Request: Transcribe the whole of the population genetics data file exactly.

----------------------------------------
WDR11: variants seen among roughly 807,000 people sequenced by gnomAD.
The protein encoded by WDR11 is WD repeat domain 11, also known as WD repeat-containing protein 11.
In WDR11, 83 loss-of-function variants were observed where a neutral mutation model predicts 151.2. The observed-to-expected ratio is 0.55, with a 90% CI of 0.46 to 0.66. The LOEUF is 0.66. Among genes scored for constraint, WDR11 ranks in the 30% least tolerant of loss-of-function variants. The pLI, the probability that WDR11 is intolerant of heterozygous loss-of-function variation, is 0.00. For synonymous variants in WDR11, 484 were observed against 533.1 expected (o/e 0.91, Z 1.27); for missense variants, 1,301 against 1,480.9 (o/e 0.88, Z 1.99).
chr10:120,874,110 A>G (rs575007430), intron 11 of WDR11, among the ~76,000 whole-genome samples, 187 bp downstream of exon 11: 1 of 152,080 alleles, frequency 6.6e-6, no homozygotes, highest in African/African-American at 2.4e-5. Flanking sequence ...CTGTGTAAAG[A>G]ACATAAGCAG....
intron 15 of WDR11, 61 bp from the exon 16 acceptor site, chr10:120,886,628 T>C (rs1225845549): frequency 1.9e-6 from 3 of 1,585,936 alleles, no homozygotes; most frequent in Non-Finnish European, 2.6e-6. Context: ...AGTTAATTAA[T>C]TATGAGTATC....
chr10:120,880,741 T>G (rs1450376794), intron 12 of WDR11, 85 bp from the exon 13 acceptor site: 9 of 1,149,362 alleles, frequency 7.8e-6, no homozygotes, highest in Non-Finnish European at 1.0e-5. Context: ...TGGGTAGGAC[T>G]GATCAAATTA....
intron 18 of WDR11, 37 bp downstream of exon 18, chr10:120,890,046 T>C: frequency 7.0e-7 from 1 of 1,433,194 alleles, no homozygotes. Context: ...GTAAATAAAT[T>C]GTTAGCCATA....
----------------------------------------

WDR11: variants seen among roughly 807,000 people sequenced by gnomAD.
The protein encoded by WDR11 is WD repeat domain 11, also known as WD repeat-containing protein 11.
In WDR11, 83 loss-of-function variants were observed where a neutral mutation model predicts 151.2. The observed-to-expected ratio is 0.55, with a 90% CI of 0.46 to 0.66. The LOEUF is 0.66. Among genes scored for constraint, WDR11 ranks in the 30% least tolerant of loss-of-function variants. The pLI, the probability that WDR11 is intolerant of heterozygous loss-of-function variation, is 0.00. For synonymous variants in WDR11, 484 were observed against 533.1 expected (o/e 0.91, Z 1.27); for missense variants, 1,301 against 1,480.9 (o/e 0.88, Z 1.99).
chr10:120,874,110 A>G (rs575007430), intron 11 of WDR11, among the ~76,000 whole-genome samples, 187 bp downstream of exon 11: 1 of 152,080 alleles, frequency 6.6e-6, no homozygotes, highest in African/African-American at 2.4e-5. Flanking sequence ...CTGTGTAAAG[A>G]ACATAAGCAG....
intron 15 of WDR11, 61 bp from the exon 16 acceptor site, chr10:120,886,628 T>C (rs1225845549): frequency 1.9e-6 from 3 of 1,585,936 alleles, no homozygotes; most frequent in Non-Finnish European, 2.6e-6. Context: ...AGTTAATTAA[T>C]TATGAGTATC....
chr10:120,880,741 T>G (rs1450376794), intron 12 of WDR11, 85 bp from the exon 13 acceptor site: 9 of 1,149,362 alleles, frequency 7.8e-6, no homozygotes, highest in Non-Finnish European at 1.0e-5. Context: ...TGGGTAGGAC[T>G]GATCAAATTA....
intron 18 of WDR11, 37 bp downstream of exon 18, chr10:120,890,046 T>C: frequency 7.0e-7 from 1 of 1,433,194 alleles, no homozygotes. Context: ...GTAAATAAAT[T>C]GTTAGCCATA....